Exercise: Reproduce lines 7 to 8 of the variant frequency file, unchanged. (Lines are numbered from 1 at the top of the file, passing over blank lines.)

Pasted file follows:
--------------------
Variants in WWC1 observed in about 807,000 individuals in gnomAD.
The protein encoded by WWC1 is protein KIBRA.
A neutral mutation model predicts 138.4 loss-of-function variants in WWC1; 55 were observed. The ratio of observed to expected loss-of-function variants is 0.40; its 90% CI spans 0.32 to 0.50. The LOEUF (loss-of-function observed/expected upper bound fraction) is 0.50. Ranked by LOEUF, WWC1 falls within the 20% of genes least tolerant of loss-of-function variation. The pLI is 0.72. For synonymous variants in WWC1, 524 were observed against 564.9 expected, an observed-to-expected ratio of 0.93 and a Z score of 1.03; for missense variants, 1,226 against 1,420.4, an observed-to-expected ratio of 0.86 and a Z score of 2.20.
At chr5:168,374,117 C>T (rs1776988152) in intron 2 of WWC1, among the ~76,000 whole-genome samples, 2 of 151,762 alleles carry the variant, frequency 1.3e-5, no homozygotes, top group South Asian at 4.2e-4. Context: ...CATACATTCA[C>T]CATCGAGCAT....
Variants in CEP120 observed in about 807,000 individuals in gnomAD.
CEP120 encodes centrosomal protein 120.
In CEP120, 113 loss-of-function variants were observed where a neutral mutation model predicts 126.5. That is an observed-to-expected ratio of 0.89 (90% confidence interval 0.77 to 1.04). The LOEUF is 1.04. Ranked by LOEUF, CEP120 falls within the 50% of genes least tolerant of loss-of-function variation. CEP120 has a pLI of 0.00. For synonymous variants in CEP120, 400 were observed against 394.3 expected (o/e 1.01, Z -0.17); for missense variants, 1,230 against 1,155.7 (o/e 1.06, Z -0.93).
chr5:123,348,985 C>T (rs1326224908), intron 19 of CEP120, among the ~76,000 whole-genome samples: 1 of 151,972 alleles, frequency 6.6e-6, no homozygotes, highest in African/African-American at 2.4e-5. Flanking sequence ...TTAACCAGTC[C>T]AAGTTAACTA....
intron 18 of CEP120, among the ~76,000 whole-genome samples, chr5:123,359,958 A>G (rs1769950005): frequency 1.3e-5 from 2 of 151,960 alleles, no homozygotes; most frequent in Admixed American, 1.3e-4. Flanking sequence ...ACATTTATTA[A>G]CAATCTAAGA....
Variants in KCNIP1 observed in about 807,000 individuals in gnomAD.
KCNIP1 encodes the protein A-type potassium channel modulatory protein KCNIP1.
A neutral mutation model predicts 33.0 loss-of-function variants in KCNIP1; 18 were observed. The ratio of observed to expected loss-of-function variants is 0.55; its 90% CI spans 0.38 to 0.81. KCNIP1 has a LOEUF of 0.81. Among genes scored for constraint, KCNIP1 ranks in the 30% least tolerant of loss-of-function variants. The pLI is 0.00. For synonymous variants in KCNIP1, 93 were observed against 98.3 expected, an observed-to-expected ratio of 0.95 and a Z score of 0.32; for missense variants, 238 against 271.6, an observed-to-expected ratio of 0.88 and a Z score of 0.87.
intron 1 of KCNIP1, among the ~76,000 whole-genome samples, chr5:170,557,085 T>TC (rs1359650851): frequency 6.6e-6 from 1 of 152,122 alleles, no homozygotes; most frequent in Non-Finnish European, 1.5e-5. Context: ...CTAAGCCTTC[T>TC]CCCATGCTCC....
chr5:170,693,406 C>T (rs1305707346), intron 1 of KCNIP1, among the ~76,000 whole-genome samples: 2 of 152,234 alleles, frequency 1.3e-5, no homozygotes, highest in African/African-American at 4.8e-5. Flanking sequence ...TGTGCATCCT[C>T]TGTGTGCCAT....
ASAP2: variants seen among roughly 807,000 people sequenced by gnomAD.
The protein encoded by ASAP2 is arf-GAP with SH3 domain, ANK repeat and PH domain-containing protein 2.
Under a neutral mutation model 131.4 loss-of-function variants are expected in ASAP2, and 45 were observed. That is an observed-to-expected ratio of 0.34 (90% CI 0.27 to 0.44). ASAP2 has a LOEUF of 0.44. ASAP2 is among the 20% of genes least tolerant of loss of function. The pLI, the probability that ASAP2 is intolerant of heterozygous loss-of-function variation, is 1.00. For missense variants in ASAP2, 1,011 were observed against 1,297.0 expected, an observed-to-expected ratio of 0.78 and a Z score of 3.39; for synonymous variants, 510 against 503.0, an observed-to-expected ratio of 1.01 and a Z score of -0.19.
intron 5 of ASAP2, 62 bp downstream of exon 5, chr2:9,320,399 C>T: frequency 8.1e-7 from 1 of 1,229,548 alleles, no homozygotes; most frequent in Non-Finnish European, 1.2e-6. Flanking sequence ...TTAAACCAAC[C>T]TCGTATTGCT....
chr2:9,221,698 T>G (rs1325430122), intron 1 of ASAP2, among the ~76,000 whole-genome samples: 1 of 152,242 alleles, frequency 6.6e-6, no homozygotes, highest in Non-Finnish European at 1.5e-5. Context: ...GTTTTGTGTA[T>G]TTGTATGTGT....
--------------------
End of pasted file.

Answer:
In CEP120, 113 loss-of-function variants were observed where a neutral mutation model predicts 126.5. That is an observed-to-expected ratio of 0.89 (90% confidence interval 0.77 to 1.04). The LOEUF is 1.04. Ranked by LOEUF, CEP120 falls within the 50% of genes least tolerant of loss-of-function variation. CEP120 has a pLI of 0.00. For synonymous variants in CEP120, 400 were observed against 394.3 expected (o/e 1.01, Z -0.17); for missense variants, 1,230 against 1,155.7 (o/e 1.06, Z -0.93).
chr5:123,348,985 C>T (rs1326224908), intron 19 of CEP120, among the ~76,000 whole-genome samples: 1 of 151,972 alleles, frequency 6.6e-6, no homozygotes, highest in African/African-American at 2.4e-5. Flanking sequence ...TTAACCAGTC[C>T]AAGTTAACTA....